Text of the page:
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Please take a look at the following JavaScript. I've taken stuff out of it, so you may focus on the essence of the problem.

You'll notice that I call the prepPath function twice in a row, passing in the exact same string. In firefox and IE8, this function alerts true each time (as expected). But, in Chromium 5.0.375.127 (55887) Ubuntu 10.04, the function returns true the first time, and false the 2nd call, despite the input remaining exactly the same!

<script type="text/javascript"> 
    function prepPath(str)
    {   
        var regX = /[^\s/"'\\].*[^\s/"'\\]/g;
        if(regX.test(str))
        {
            alert("true: " + str);
        }
        else
        {
            alert("false; " + str);
        }
    }

    prepPath("/desktop"); // alerts: true
    prepPath("/desktop"); // alerts: false 
</script> 

Why is it returning false the second time in Chromium?

share|improve this question
2  
The only time you need the 'g' flag in a regular expresssion is if you want to use the same expression more than once, with the lastIndex flagged between uses. Without the 'g' flag your code works the way you would expect. If you set regX.lastIndex=0 after defining it itwill also return the expected value. –  kennebec Sep 13 '10 at 18:47

1 Answer 1

up vote 14 down vote accepted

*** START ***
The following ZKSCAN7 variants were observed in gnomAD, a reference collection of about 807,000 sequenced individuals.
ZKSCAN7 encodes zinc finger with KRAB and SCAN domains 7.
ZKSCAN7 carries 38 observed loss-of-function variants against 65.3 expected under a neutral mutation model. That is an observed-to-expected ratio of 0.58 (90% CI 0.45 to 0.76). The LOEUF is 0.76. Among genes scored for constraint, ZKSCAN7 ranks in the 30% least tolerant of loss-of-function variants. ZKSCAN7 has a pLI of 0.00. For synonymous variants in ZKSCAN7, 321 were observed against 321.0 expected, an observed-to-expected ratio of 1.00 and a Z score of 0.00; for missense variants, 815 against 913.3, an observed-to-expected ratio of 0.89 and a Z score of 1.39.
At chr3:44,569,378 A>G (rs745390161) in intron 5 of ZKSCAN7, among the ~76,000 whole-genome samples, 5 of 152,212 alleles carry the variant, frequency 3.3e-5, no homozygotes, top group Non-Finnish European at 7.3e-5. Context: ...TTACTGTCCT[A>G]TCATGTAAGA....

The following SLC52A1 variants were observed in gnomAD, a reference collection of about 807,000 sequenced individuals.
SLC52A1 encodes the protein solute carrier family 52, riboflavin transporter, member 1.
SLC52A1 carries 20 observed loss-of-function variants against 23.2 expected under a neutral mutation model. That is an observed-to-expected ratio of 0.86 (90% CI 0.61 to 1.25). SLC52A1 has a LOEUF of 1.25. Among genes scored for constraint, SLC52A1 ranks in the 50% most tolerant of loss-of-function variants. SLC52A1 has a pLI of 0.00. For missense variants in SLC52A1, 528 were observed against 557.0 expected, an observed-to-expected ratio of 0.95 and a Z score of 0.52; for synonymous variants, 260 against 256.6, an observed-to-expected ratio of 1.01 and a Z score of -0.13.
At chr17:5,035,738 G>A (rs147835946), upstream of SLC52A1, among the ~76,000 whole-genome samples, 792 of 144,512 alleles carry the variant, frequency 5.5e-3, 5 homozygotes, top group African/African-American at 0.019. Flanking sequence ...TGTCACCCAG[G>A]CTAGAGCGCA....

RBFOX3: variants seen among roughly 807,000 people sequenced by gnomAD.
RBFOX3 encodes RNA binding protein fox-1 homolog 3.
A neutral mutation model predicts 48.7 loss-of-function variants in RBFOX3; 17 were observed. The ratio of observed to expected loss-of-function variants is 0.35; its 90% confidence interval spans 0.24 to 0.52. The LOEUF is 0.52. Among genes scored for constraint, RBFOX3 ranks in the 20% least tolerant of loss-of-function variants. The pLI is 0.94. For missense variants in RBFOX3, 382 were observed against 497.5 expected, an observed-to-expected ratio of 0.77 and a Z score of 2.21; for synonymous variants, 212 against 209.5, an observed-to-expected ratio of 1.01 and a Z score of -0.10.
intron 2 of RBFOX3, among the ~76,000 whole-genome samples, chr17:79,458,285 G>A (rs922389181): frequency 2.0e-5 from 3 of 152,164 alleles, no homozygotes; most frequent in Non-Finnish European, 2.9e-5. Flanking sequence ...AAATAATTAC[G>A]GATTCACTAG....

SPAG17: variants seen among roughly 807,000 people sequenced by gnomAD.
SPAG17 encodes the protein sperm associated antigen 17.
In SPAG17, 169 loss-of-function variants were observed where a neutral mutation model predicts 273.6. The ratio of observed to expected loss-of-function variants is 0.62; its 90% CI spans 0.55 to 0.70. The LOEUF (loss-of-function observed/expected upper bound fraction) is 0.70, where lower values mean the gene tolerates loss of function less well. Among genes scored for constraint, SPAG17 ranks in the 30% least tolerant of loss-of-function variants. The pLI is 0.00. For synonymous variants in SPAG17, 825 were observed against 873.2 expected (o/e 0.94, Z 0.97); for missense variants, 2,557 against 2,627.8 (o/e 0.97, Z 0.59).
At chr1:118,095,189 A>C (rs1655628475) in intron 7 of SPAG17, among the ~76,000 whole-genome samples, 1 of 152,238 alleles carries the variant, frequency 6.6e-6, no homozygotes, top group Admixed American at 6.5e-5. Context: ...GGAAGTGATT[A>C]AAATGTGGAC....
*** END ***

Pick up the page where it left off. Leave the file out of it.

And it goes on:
There's some ambiguity in the spec about when literal regexes should get reset (recall that they have state). You can work around this by doing this:

var regX = new RegExp(/[^\s/"'\\].*[^\s/"'\\]/g);

live example: http://jsbin.com/irate

or this:

var regX = /[^\s/"'\\].*[^\s/"'\\]/g;
regX.lastIndex = 0;

live example: http://jsbin.com/irate/2

I'm informed by those who've looked into it more than I have that it's not actually an outright bug, but an ambiguity. And it's not just Chrome, some versions of other browsers have also had a similar problem.

share|improve this answer
    
That worked; thank you. Unusual, though. Normally, when you use "var" before setting the value of a variable (in a function), the variable is a new one anyway and only maintains function level scope with zero state between calls. –  Lonnie Best Sep 13 '10 at 18:23
    
@LonnieBest: Oh, it's unusual alright, and it certainly looks wrong, doesn't it? It has to do with the literal and when they're instantiated, and there really is an argument that the literal is instantiated once and then reused, strange though it looks. It's the only example of this weird behavior I know of, if that's any consolation. :-) –  T.J. Crowder Sep 13 '10 at 18:28
1  
It's actually the spec that requires this behavior: bclary.com/2004/11/07/#a-7.8.5. There's a Chromium bug about it: code.google.com/p/chromium/issues/detail?id=2161. –  lawnsea Sep 13 '10 at 18:39
    
If I had wanted that RegEx object to maintain state, I would have declared it outside of the function. I think the Chromium v8 team ought step inline with firefox and IE on this one, despite the spec ambiguity. –  Lonnie Best Sep 13 '10 at 18:41
    
@LonnieBest: Agreed on both counts. Since this was known before the 5th edition spec was finalized, I kind of hope the new spec clarifies it but I haven't gotten into it to that depth. –  T.J. Crowder Sep 13 '10 at 18:43

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